Why did deep convection persist over four consecutive winters (2015-2018) southeast of Cape Farewell?
|Author(s)||Zunino Rodriguez Patricia1, Mercier Herle3, Thierry Virginie2|
|Affiliation(s)||1 : Altran Technol, Technopole Brest Iroise,Site Vernis, F-29200 Brest, France.
2 : Univ Brest, CNRS, IRD, Ifremer,LOPS,IUEM, CS 10070, F-29280 Plouzane, France.
3 : Univ Brest, CNRS, IRD, Ifremer,LOPS,IUEM, CS 10070, F-29280 Plouzane, France.
|Source||Ocean Science (1812-0784) (Copernicus Gesellschaft Mbh), 2020-01 , Vol. 16 , N. 1 , P. 99-113|
|WOS© Times Cited||1|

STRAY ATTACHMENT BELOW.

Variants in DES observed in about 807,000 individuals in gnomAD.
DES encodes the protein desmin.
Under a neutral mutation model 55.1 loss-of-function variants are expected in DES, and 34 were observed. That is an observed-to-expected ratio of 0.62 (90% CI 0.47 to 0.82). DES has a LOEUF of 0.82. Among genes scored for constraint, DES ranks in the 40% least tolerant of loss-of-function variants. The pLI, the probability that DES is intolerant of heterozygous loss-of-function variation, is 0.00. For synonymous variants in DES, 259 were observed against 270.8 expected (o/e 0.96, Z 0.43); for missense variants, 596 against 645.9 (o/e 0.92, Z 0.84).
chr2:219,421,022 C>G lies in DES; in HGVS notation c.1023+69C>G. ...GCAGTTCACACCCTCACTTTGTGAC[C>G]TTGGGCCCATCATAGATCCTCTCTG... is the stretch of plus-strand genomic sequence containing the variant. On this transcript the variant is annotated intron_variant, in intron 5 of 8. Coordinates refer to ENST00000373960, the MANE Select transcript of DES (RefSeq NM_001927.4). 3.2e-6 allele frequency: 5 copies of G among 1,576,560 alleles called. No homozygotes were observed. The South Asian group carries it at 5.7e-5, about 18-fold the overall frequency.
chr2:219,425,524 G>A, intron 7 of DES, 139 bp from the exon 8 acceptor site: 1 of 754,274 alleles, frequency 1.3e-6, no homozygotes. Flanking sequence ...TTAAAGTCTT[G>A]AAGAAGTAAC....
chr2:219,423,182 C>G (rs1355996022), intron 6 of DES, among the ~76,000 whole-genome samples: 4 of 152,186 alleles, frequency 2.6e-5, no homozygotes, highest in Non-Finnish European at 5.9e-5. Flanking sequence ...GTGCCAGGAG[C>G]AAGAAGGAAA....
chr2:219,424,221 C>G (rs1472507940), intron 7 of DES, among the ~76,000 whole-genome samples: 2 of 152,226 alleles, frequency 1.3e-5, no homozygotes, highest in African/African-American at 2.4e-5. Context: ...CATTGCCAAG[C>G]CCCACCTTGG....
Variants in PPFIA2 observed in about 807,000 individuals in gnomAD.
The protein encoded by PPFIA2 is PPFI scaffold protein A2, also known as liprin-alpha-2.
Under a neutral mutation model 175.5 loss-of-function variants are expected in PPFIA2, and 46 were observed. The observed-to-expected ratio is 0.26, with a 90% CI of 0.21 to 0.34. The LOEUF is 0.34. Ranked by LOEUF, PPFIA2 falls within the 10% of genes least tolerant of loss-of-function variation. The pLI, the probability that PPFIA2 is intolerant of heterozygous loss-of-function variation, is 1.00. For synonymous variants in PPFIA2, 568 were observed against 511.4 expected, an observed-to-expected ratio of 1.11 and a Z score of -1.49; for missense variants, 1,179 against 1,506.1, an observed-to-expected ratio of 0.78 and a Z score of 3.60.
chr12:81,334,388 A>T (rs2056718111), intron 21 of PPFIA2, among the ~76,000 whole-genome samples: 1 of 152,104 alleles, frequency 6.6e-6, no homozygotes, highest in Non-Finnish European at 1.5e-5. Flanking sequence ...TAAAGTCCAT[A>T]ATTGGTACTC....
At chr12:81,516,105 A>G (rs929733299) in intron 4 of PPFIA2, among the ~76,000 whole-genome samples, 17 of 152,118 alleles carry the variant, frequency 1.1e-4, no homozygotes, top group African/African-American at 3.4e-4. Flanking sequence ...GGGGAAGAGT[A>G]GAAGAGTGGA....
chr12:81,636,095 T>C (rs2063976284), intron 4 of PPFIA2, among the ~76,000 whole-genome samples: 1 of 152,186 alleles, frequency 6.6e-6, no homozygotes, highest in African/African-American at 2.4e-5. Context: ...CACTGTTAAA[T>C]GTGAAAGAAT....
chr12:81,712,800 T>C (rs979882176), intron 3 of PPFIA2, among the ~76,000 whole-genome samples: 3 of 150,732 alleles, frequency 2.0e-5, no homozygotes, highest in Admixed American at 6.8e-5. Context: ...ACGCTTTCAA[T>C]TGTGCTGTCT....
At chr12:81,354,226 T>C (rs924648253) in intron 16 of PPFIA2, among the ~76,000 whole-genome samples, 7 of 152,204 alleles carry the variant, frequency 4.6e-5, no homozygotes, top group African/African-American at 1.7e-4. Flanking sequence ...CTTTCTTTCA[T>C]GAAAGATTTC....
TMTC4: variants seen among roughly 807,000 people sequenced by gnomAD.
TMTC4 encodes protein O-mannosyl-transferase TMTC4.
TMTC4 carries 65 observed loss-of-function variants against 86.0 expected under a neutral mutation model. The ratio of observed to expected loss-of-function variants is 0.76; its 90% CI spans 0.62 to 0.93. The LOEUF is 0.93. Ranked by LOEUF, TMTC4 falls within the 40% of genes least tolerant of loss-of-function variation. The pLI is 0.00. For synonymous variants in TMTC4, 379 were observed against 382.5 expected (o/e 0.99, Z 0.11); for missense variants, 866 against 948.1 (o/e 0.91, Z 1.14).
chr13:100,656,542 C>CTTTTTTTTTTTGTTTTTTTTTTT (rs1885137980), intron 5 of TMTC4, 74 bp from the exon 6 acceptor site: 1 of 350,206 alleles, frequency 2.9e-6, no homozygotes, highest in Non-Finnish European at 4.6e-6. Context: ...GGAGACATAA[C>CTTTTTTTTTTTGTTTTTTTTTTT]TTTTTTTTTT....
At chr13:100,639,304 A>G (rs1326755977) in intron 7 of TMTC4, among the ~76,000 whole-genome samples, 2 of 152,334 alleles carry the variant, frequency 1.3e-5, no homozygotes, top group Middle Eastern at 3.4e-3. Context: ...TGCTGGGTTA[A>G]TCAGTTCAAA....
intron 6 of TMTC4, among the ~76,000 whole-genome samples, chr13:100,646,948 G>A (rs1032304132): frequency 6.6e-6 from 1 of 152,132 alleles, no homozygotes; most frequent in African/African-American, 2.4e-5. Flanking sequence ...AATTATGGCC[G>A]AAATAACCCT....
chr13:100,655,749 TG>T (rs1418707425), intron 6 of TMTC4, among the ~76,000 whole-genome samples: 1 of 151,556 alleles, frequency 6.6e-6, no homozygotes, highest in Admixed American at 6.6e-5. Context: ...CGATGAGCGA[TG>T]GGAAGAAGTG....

After more than a decade of shallow convection, deep convection returned to the Irminger Sea in 2008 and occurred several times since then to reach exceptional convection depths (> 1500 m) in 2015 and 2016. Additionally, deep mixed layers deeper than 1600 m were also reported southeast of Cape Farewell in 2015. In this context, we used Argo data to show that deep convection occurred southeast of Cape Farewell (SECF) in 2016 and persisted during two additional years in 2017 and 2018 with a maximum convection depth deeper than 1300 m. In this article, we investigate the respective roles of air-sea buoyancy flux and preconditioning of the water column (ocean interior buoyancy content) to explain this 4-year persistence of deep convection SECF. We analyzed the respective contributions of the heat and freshwater components. Contrary to the very negative air-sea buoyancy flux that was observed during winter 2015, the buoyancy fluxes over the SECF region during the winters of 2016, 2017 and 2018 were close to the climatological average. We estimated the preconditioning of the water column as the buoyancy that needs to be removed (B) from the end-of-summer water column to homogenize it down to a given depth. B was lower for the winters of 2016-2018 than for the 2008-2015 winter mean, especially due to a vanishing stratification from 600 down to similar to 1300 m. This means that less air-sea buoyancy loss was necessary to reach a given convection depth than in the mean, and once convection reached 600 m little additional buoyancy loss was needed to homogenize the water column down to 1300 m. We show that the decrease in B was due to the combined effects of the local cooling of the intermediate water (200-800 m) and the advection of a negative S anomaly in the 1200-1400 m layer. This favorable preconditioning permitted the very deep convection observed in 2016-2018 despite the atmospheric forcing being close to the climatological average.